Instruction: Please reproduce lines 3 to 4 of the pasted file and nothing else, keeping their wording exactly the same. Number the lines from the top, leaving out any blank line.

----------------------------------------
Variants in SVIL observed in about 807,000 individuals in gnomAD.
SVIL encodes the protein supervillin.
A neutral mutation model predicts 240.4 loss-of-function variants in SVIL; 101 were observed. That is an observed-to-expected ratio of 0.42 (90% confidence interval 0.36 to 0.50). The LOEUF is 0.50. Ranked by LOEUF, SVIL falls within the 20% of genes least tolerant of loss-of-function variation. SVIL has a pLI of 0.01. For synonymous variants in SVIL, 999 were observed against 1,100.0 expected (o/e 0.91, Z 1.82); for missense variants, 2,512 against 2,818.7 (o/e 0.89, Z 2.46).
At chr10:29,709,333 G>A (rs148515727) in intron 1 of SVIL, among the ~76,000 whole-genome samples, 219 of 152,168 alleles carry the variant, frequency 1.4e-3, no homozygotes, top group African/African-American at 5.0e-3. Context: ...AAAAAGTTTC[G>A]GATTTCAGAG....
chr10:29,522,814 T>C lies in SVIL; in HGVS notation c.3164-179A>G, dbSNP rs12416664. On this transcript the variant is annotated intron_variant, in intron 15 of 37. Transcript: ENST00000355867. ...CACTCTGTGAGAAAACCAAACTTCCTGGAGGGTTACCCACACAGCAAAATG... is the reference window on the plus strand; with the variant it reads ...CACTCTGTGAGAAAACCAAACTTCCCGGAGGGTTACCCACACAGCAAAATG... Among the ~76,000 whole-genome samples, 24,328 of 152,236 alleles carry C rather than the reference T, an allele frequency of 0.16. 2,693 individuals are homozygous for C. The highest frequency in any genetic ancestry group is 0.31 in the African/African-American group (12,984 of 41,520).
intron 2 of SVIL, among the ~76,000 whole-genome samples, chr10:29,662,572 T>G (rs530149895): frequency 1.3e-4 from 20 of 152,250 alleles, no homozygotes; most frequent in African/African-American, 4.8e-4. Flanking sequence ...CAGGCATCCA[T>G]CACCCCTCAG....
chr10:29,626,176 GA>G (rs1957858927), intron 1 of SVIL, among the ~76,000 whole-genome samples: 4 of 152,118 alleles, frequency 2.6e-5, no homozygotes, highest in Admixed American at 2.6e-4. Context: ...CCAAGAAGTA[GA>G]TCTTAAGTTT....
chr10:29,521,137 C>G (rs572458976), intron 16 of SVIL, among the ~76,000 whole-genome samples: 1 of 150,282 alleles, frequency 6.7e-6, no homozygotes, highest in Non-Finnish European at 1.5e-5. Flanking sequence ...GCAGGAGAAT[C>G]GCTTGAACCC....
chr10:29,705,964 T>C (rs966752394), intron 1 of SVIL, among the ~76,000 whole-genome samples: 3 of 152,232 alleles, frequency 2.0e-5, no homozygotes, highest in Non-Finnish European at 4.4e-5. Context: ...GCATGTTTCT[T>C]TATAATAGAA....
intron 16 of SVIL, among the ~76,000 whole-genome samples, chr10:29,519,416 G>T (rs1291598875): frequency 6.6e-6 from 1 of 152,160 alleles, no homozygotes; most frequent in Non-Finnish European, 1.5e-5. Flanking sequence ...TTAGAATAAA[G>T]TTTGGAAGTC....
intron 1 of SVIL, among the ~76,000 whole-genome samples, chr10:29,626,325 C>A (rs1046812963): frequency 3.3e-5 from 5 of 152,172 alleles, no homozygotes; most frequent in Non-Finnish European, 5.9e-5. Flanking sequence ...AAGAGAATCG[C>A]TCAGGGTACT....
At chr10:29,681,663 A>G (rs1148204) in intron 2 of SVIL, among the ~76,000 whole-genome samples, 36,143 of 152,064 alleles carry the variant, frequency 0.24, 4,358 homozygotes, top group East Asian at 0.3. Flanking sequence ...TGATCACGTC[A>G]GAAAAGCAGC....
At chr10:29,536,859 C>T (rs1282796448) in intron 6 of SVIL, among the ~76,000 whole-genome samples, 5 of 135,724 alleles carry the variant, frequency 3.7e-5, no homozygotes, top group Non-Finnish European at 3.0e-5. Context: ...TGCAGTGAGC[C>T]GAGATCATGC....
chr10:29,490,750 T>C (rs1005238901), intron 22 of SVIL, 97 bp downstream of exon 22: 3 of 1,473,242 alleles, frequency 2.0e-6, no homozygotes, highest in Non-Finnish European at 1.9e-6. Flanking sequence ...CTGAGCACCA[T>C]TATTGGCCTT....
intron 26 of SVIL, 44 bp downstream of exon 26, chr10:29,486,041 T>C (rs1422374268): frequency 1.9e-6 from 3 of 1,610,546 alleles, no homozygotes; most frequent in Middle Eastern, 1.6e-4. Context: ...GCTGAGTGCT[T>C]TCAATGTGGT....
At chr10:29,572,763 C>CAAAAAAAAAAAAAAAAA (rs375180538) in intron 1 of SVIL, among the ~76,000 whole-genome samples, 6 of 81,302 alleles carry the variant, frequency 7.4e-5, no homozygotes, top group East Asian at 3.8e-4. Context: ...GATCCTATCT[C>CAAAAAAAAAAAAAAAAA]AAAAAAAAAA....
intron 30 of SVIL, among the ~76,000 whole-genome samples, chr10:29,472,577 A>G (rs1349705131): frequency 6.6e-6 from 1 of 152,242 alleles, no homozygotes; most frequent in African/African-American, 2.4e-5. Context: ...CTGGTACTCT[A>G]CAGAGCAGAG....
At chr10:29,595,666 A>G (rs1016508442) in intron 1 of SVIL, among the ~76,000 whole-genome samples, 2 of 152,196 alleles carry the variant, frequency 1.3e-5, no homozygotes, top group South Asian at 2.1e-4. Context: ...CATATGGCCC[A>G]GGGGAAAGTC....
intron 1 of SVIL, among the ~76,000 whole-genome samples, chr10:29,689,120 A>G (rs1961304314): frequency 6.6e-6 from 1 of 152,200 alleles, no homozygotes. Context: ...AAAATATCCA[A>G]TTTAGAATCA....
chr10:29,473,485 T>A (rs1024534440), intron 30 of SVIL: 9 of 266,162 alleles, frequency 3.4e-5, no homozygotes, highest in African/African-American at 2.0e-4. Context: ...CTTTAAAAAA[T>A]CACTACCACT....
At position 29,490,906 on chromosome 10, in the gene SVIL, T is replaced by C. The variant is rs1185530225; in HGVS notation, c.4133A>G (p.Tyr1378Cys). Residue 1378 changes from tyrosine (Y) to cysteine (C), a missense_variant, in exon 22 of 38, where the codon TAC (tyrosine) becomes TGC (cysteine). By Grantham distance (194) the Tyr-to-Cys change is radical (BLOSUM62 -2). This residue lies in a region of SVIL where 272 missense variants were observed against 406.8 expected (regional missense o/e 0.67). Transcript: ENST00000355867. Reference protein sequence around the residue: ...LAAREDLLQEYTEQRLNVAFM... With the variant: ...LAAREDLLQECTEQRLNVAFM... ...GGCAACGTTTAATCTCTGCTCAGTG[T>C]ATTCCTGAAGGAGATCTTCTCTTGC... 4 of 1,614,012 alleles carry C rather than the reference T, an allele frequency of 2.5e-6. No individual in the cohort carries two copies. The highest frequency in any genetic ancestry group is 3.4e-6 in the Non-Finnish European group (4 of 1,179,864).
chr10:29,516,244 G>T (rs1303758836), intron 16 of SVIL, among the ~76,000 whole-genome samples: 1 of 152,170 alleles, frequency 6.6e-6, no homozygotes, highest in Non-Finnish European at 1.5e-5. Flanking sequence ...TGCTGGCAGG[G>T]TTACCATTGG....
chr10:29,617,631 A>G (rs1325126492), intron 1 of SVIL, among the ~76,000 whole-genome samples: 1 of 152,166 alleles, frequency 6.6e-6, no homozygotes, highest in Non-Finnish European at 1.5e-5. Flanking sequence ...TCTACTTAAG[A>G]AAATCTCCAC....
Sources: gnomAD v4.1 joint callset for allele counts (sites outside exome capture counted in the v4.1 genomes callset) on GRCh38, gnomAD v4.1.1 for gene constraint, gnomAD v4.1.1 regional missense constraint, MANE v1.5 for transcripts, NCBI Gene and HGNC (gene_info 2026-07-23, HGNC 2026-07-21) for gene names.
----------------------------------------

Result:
A neutral mutation model predicts 240.4 loss-of-function variants in SVIL; 101 were observed. That is an observed-to-expected ratio of 0.42 (90% confidence interval 0.36 to 0.50). The LOEUF is 0.50. Ranked by LOEUF, SVIL falls within the 20% of genes least tolerant of loss-of-function variation. SVIL has a pLI of 0.01. For synonymous variants in SVIL, 999 were observed against 1,100.0 expected (o/e 0.91, Z 1.82); for missense variants, 2,512 against 2,818.7 (o/e 0.89, Z 2.46).
At chr10:29,709,333 G>A (rs148515727) in intron 1 of SVIL, among the ~76,000 whole-genome samples, 219 of 152,168 alleles carry the variant, frequency 1.4e-3, no homozygotes, top group African/African-American at 5.0e-3. Context: ...AAAAAGTTTC[G>A]GATTTCAGAG....